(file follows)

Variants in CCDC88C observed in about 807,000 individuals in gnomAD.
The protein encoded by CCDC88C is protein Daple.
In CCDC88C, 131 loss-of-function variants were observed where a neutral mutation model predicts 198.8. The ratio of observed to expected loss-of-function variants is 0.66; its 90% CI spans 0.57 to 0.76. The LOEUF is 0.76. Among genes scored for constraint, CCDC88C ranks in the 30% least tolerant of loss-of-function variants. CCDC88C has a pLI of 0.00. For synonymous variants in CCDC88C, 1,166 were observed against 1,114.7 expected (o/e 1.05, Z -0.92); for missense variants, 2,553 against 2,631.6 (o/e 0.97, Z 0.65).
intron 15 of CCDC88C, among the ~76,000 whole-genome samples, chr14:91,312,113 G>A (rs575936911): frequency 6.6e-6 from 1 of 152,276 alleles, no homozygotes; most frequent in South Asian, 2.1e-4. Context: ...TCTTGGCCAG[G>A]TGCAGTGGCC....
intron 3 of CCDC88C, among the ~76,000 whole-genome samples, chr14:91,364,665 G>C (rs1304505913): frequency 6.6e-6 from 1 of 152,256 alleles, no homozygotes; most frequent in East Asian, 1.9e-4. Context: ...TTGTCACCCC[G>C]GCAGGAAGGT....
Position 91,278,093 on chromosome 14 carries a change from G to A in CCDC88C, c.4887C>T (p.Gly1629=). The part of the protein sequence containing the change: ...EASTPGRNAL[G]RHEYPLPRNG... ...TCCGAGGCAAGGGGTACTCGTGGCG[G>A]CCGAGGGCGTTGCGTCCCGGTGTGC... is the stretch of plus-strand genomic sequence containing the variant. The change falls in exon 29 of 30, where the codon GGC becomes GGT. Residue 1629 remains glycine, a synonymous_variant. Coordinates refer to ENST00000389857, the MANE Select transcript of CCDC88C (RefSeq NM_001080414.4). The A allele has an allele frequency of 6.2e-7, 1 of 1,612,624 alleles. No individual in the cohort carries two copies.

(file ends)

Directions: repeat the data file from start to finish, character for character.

Variants in CCDC88C observed in about 807,000 individuals in gnomAD.
The protein encoded by CCDC88C is protein Daple.
In CCDC88C, 131 loss-of-function variants were observed where a neutral mutation model predicts 198.8. The ratio of observed to expected loss-of-function variants is 0.66; its 90% CI spans 0.57 to 0.76. The LOEUF is 0.76. Among genes scored for constraint, CCDC88C ranks in the 30% least tolerant of loss-of-function variants. CCDC88C has a pLI of 0.00. For synonymous variants in CCDC88C, 1,166 were observed against 1,114.7 expected (o/e 1.05, Z -0.92); for missense variants, 2,553 against 2,631.6 (o/e 0.97, Z 0.65).
intron 15 of CCDC88C, among the ~76,000 whole-genome samples, chr14:91,312,113 G>A (rs575936911): frequency 6.6e-6 from 1 of 152,276 alleles, no homozygotes; most frequent in South Asian, 2.1e-4. Context: ...TCTTGGCCAG[G>A]TGCAGTGGCC....
intron 3 of CCDC88C, among the ~76,000 whole-genome samples, chr14:91,364,665 G>C (rs1304505913): frequency 6.6e-6 from 1 of 152,256 alleles, no homozygotes; most frequent in East Asian, 1.9e-4. Context: ...TTGTCACCCC[G>C]GCAGGAAGGT....
Position 91,278,093 on chromosome 14 carries a change from G to A in CCDC88C, c.4887C>T (p.Gly1629=). The part of the protein sequence containing the change: ...EASTPGRNAL[G]RHEYPLPRNG... ...TCCGAGGCAAGGGGTACTCGTGGCG[G>A]CCGAGGGCGTTGCGTCCCGGTGTGC... is the stretch of plus-strand genomic sequence containing the variant. The change falls in exon 29 of 30, where the codon GGC becomes GGT. Residue 1629 remains glycine, a synonymous_variant. Coordinates refer to ENST00000389857, the MANE Select transcript of CCDC88C (RefSeq NM_001080414.4). The A allele has an allele frequency of 6.2e-7, 1 of 1,612,624 alleles. No individual in the cohort carries two copies.